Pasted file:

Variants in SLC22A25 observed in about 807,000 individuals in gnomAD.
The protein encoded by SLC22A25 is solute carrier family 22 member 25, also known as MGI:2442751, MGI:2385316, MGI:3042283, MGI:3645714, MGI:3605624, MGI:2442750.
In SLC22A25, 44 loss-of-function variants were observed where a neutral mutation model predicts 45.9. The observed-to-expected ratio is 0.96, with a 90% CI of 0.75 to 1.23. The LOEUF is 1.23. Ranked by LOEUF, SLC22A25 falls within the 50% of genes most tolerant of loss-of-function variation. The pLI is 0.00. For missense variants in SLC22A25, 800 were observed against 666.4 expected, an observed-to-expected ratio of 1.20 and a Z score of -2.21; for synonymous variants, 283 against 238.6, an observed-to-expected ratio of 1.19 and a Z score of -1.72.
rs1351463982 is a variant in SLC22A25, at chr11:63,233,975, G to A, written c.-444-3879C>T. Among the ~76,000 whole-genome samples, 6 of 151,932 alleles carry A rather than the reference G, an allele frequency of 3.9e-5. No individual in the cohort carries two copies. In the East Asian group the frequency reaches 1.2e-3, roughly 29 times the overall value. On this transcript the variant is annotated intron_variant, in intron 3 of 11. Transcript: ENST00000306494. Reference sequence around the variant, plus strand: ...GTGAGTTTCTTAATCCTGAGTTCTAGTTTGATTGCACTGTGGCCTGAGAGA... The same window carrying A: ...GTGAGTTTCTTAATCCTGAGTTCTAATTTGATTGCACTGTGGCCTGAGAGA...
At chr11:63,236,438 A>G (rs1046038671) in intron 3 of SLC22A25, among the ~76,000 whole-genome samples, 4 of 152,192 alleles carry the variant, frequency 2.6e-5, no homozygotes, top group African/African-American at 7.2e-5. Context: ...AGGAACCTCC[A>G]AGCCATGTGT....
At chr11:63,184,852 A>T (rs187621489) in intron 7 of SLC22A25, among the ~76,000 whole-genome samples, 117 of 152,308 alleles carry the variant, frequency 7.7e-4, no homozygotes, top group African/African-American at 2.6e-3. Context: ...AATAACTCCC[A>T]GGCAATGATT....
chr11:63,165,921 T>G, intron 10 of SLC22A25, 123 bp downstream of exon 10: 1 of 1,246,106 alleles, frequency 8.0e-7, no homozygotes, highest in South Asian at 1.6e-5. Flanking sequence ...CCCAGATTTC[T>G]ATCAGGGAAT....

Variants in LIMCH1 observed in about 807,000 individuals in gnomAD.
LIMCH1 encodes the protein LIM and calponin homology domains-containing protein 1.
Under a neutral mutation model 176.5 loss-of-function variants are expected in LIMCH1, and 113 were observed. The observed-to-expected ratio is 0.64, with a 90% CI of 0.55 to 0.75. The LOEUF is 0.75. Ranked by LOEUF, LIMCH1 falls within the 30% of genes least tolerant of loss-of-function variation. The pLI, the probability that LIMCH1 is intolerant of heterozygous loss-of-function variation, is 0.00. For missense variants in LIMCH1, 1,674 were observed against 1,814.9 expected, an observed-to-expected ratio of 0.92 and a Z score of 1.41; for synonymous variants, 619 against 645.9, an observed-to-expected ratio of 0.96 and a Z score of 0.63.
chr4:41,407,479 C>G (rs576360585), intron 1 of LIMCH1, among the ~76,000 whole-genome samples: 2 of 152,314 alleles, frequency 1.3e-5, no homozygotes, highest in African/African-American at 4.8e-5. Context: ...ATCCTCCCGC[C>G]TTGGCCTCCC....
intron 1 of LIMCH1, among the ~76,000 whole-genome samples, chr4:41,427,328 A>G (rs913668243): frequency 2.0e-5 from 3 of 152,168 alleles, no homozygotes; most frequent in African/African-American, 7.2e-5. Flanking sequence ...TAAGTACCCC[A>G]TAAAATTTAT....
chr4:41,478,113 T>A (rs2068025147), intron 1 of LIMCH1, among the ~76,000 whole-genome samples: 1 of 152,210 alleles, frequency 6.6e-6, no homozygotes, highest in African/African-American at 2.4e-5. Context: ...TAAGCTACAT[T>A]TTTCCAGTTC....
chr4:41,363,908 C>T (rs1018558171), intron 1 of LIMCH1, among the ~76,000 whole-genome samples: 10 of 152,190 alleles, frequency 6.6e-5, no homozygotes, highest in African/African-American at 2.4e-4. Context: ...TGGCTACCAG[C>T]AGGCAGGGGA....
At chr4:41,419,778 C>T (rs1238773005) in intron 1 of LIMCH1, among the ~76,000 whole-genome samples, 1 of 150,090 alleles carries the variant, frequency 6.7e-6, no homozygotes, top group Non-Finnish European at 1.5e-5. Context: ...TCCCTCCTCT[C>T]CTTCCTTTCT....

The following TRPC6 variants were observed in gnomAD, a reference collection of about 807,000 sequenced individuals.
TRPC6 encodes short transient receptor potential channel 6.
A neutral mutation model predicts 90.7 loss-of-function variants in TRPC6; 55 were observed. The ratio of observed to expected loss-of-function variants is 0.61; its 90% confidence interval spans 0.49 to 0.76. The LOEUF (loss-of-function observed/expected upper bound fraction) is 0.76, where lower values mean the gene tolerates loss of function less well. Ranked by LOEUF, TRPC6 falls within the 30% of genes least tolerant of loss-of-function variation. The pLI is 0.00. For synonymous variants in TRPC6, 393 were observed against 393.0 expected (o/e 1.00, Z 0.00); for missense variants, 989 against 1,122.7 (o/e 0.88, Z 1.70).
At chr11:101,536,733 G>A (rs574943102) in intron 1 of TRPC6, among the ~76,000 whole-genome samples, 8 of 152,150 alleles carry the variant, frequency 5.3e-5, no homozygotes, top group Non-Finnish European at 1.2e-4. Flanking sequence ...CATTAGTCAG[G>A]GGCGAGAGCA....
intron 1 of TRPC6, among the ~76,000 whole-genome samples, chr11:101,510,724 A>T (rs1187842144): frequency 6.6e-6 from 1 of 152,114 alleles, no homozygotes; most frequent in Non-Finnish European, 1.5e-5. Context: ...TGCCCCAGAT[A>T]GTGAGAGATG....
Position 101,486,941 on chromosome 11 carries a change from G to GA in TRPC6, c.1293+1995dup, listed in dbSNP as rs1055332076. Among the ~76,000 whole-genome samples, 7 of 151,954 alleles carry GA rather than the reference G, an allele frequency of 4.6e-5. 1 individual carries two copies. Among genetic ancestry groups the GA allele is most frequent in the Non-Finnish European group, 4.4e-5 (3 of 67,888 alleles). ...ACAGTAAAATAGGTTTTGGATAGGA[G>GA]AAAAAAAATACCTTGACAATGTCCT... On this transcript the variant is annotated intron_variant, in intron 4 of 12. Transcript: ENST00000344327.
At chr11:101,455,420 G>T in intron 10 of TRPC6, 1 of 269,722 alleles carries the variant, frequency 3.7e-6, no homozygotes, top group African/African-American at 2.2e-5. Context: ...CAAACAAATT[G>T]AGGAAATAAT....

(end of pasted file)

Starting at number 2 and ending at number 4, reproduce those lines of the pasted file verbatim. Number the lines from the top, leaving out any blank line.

The protein encoded by SLC22A25 is solute carrier family 22 member 25, also known as MGI:2442751, MGI:2385316, MGI:3042283, MGI:3645714, MGI:3605624, MGI:2442750.
In SLC22A25, 44 loss-of-function variants were observed where a neutral mutation model predicts 45.9. The observed-to-expected ratio is 0.96, with a 90% CI of 0.75 to 1.23. The LOEUF is 1.23. Ranked by LOEUF, SLC22A25 falls within the 50% of genes most tolerant of loss-of-function variation. The pLI is 0.00. For missense variants in SLC22A25, 800 were observed against 666.4 expected, an observed-to-expected ratio of 1.20 and a Z score of -2.21; for synonymous variants, 283 against 238.6, an observed-to-expected ratio of 1.19 and a Z score of -1.72.
rs1351463982 is a variant in SLC22A25, at chr11:63,233,975, G to A, written c.-444-3879C>T. Among the ~76,000 whole-genome samples, 6 of 151,932 alleles carry A rather than the reference G, an allele frequency of 3.9e-5. No individual in the cohort carries two copies. In the East Asian group the frequency reaches 1.2e-3, roughly 29 times the overall value. On this transcript the variant is annotated intron_variant, in intron 3 of 11. Transcript: ENST00000306494. Reference sequence around the variant, plus strand: ...GTGAGTTTCTTAATCCTGAGTTCTAGTTTGATTGCACTGTGGCCTGAGAGA... The same window carrying A: ...GTGAGTTTCTTAATCCTGAGTTCTAATTTGATTGCACTGTGGCCTGAGAGA...